Generally speaking, CSR’s progress can be grouped into 3 categories.
Treatment is not usually needed for CSR. Most people will find that their vision will improve within 3-6 months and without the need for treatment. Vision often returns to how it was before CSR developed, although in some people small changes to vision may persist. About 30-50 per cent of people will have a recurrence either in the same or fellow eye.
In a minority of people, the condition can be chronic, lasting longer than 12 months. In these cases, sight is more at risk because the retinal layers at the back of your eye can become damaged. As a result treatment may be recommended for CSR lasting longer than six months.
In rare cases, central serous retinopathy with bullous serous retinal detachment can occur; in this type of retinal detachment fluid collects under the retina and away from your central macula without causing the retina to break. It is important for the condition to be diagnosed so that the appropriate treatment options can be explored.
The majority of people with CSR do not require treatment. If, however, treatment is required, thermal laser may be used or photodynamic therapy.
In conventional thermal laser, the ophthalmologist would apply the laser to the macula and it would seal off the leakage. This treatment would not be used if the leakage occurs in the fovea which is the central area of your macula as it leaves a scar that would impact on your vision.
The other treatment option is photodynamic therapy (PDT). PDT is a type of laser treatment which uses a combination of a light sensitive drug called Verteporfin (Visudyne) and a low energy laser to reduce the leakage. This form of treatment is unlikely to damage the centre fovea and surrounding tissue. Some considerations include:
Other possible treatment options that may be considered in the future are antivascular endothelial growth factor medication (anti-VEGF), anti-inflammatory drugs and anti-steroid medications. Your ophthalmologist is the best person to advise you about suitable treatment options for your situation.
Under the care of your GP, it would be advisable to stop taking any medication containing steroids, if possible; this would include medications taken by mouth, inhaled and applied to the skin. Counselling for stress management and lifestyle changes are also important considerations when you have CSR.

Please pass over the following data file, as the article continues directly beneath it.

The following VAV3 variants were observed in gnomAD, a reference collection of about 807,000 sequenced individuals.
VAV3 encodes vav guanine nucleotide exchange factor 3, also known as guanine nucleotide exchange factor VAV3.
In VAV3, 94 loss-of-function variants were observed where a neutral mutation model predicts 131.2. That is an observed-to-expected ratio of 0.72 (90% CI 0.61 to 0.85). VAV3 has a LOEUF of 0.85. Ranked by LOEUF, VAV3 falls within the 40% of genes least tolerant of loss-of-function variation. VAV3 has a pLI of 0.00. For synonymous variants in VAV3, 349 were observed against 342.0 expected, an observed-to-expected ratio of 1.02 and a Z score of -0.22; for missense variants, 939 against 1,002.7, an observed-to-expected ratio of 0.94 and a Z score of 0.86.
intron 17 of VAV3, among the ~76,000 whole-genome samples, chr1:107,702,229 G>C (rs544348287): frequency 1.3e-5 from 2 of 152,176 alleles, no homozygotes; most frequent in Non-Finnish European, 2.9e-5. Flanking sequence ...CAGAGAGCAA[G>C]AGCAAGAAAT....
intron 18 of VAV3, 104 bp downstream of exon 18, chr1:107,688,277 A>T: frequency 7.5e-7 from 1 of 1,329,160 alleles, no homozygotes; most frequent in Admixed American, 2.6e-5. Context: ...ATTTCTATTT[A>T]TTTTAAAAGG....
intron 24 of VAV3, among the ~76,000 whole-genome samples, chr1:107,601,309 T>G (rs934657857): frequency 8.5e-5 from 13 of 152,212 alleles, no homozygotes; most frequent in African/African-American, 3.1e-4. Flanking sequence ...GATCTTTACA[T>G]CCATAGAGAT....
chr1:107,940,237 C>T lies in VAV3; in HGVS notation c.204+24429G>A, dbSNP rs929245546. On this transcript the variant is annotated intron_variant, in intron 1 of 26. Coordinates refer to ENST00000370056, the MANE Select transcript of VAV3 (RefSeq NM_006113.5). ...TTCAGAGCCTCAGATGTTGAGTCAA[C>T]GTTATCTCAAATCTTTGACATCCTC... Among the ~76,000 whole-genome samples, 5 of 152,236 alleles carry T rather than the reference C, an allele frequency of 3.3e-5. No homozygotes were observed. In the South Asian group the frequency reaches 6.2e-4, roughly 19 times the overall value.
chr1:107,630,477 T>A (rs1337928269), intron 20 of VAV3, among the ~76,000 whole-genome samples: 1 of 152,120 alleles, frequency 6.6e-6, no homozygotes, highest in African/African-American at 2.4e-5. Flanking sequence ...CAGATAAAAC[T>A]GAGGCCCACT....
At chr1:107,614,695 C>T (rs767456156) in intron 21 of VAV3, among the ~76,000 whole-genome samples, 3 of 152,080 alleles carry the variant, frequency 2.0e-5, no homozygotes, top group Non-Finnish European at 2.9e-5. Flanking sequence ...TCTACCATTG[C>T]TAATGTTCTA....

Being diagnosed with an eye condition can be very upsetting. You may find that you are worried about the future and how you will manage with a change in your vision. All these feelings are natural.
Some people may want to talk over some of these feelings with someone outside their circle of friends or family. RNIB can help, with our telephone helpline and our emotional support service. Your GP or social worker may also be able to help you find a counsellor if you think this would help you.
The Macular Society has local groups which meet throughout the country and also offer a telephone counselling service. Sometimes it can help to talk about your feelings or share your experience with people who may have had similar experiences.
Having chronic central serous retinopathy can cause changes to your vision in the long term, but much can be done to help you make the most of your remaining vision and adapt to any changes.
There are lots of things that you can do to make the most of your remaining vision. This may mean making things bigger, using brighter lighting or using colour to make things easier to see. Our guide on making the most of your sight may be useful, which you can download from the links below:
You can also ask your ophthalmologist, optician or GP to refer you to your local low vision service, which can provide you with magnifiers to help with reading and advice on lighting to help make the most of your sight. Local social services should also be able to offer you information on being safe in your home and getting out and about safely. They should also be able to offer you some practical mobility training to give you more confidence when you are out.
Our Helpline can also give you information about low vision clinics and the help available from social services. They can also offer help if you have any difficulties accessing these services.We offer lots of practical information about adapting to changes in your vision and products that make everyday tasks easier.
Call us on 0303 123 9999 or email [email protected], Monday to Friday 8am to 8pm and Saturday 9am to 1pm.